We went to Portugal this summer to visit family and to do some traveling inside of Portugal. Since we were staying with my mom, I knew I’d be able to bring pasta with me to cook it there. I packed her snacks as well since I wasn’t sure if they had any that she’d like. The supermarket near my mom’s home called Intermarche had a little section just like here in the states that had a gluten free section. In Europe gluten is considered an allergy therefore, if gluten is in the ingredient it has to be listed. We traveled to Algarve and stayed at a resort that had apartment type rooms with a kitchen. The resort’s restaurant chef prepared her gluten free meals such as shrimp with rosotto, gluten free spaghetti with marinara, sorbet for dessert, and for breakfast she usually had fruit and yoplait yogurt. When we did venture outside the resort we didn’t have a problem either. We went to Antonio restaurant on the beach that made her rosotto with shrimp( she loves it and it’s safe) and had fruit for dessert. We also traveled to Lisbon for a couple of days and stayed at a hotel in the heart of the city.
We arrived around lunch time and ate at the rooftop restaurant. She had steak with potatoes and loved it. That night we went to see Fado which is traditional folk music at a restuarant that the hotel recommended. She had caldo verde (Kale soup) and we shared shrimp salad which was wonderful and also had chorizo. What I did was was print out a portuguese celiac card that I found on the internet, did my research before traveling there and called ahead to restuarants and asked if they new what celiac was to get an idea about what I was going to be dealing with there.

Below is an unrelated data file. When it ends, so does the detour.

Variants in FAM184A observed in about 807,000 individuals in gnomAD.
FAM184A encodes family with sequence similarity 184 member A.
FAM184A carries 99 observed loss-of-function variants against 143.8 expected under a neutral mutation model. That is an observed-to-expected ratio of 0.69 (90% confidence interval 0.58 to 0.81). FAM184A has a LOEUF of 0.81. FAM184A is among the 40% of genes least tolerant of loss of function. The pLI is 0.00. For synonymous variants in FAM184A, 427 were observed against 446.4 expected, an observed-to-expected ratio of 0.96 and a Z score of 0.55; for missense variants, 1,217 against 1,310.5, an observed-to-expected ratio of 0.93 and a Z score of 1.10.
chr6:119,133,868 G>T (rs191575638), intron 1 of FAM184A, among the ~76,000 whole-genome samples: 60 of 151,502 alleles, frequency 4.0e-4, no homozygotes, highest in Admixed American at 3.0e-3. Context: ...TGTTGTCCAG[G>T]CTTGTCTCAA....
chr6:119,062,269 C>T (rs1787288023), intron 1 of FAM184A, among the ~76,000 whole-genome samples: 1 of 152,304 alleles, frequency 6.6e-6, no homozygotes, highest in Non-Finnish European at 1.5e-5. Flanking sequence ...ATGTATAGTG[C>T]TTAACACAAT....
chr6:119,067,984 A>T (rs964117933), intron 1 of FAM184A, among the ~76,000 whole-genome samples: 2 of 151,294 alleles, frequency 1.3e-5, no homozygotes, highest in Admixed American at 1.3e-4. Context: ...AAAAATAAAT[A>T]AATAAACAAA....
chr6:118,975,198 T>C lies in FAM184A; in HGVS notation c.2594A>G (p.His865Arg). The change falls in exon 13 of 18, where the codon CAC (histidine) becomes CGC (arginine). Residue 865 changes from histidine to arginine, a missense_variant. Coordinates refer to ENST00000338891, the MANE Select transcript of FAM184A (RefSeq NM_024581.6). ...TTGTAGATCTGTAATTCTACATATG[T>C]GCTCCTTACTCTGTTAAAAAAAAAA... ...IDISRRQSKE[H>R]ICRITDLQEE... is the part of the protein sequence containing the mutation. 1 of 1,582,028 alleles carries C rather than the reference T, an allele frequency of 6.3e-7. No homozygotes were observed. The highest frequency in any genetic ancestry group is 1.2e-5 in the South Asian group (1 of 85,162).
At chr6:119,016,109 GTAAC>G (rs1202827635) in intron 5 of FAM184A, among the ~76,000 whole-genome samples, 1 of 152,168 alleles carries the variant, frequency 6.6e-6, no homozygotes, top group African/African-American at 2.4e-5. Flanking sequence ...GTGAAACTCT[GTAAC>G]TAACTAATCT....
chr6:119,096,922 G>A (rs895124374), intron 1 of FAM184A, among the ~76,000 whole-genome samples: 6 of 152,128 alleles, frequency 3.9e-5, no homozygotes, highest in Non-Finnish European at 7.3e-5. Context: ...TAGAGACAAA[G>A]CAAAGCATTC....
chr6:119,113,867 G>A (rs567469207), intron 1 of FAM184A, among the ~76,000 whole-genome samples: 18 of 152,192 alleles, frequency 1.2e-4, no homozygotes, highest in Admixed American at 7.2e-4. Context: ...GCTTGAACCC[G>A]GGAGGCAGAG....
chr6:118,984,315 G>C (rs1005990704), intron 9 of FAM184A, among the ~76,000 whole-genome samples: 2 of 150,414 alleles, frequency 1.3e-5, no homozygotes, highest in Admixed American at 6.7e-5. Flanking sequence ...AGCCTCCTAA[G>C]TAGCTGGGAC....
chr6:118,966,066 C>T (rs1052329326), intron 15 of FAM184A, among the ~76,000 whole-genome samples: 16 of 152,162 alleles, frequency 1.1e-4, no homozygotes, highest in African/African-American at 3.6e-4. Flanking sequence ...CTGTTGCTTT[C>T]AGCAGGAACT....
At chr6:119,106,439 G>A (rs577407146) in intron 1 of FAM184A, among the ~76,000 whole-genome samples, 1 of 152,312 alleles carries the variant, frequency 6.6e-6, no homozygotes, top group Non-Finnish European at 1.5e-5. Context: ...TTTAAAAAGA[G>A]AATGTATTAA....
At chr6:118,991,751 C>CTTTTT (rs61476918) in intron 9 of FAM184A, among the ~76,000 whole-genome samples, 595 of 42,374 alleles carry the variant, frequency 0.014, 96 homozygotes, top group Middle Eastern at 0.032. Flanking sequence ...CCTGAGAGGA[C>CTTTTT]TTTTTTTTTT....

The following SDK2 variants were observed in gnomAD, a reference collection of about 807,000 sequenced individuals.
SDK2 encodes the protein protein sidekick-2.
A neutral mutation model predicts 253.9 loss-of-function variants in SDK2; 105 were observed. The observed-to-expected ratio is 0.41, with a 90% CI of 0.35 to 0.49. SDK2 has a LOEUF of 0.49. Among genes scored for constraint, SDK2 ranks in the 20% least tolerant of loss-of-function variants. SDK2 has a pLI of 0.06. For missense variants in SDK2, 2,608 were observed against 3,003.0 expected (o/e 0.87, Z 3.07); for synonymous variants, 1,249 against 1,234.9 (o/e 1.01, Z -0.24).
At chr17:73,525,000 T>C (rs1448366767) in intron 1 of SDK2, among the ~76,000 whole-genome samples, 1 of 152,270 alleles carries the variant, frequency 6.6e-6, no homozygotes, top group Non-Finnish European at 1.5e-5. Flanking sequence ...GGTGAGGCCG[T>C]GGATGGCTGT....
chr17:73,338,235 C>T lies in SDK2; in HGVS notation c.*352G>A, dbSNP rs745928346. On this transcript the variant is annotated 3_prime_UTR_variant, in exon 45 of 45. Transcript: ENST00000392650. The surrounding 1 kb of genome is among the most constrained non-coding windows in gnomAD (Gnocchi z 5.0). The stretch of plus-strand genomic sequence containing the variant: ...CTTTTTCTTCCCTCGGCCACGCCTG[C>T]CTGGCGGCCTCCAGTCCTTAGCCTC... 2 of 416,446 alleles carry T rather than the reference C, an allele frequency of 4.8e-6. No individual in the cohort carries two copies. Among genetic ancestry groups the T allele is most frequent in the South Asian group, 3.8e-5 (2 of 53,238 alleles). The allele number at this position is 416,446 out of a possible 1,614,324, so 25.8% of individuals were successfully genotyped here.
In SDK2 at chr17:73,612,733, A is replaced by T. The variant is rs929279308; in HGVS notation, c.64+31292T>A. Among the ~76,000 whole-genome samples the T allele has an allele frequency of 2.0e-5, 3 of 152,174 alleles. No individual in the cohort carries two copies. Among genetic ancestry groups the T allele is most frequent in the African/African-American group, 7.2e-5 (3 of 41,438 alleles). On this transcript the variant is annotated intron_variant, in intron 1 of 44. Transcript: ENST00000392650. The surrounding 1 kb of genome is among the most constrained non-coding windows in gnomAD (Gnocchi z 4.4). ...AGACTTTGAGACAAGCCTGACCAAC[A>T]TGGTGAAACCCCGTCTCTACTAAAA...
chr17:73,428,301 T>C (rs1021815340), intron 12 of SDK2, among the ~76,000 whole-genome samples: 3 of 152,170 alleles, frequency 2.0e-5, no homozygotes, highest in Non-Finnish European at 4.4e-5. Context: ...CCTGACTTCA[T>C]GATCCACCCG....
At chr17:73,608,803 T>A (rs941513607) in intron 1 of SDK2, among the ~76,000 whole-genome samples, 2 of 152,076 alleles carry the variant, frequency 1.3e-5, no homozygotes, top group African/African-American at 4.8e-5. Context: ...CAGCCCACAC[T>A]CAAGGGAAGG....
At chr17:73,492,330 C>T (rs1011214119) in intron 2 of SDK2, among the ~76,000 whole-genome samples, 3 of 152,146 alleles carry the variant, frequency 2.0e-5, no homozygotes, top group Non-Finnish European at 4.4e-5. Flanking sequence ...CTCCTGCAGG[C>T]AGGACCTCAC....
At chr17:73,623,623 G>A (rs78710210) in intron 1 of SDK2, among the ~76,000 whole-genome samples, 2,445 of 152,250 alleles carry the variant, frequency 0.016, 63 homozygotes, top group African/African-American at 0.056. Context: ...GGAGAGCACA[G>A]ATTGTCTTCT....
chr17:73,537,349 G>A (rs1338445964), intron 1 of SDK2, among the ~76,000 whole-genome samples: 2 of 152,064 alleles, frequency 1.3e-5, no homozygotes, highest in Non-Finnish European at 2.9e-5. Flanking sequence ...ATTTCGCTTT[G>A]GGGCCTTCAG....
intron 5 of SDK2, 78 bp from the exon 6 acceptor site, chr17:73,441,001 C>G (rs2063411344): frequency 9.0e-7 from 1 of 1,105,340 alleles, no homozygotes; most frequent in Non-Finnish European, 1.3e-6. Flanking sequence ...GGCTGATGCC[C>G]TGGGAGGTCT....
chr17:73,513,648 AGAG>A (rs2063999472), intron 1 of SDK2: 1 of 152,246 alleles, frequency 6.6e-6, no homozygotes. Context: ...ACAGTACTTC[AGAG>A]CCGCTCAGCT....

I had an advantage because I speak portuguese fluently and I also know about portuguese cuisine. Here are a few notes to those of you who are considering traveling to Portugal:
*Specify that none of the food can have trigo(flour)
*No need to worry about soy sauce, barbeque sauce, or commercial stocks prepared in foods.
*Most portuguese cuisine is made with natural ingredients.
*Some types of chorizo/linguica,soups and dishes are made with bread, so make sure to ask if there is trigo in it.
*Do not trust waiters when they say that they know what celiac is because most people assume that it means you’re lactose intolerant. Make sure to just give the waiter your portuguese celiac restaurant card and ask him to give to the chef.
I hope this helps and please notify me if you have any questions about my travel.
Print out your portuguese restaurant celiac card here: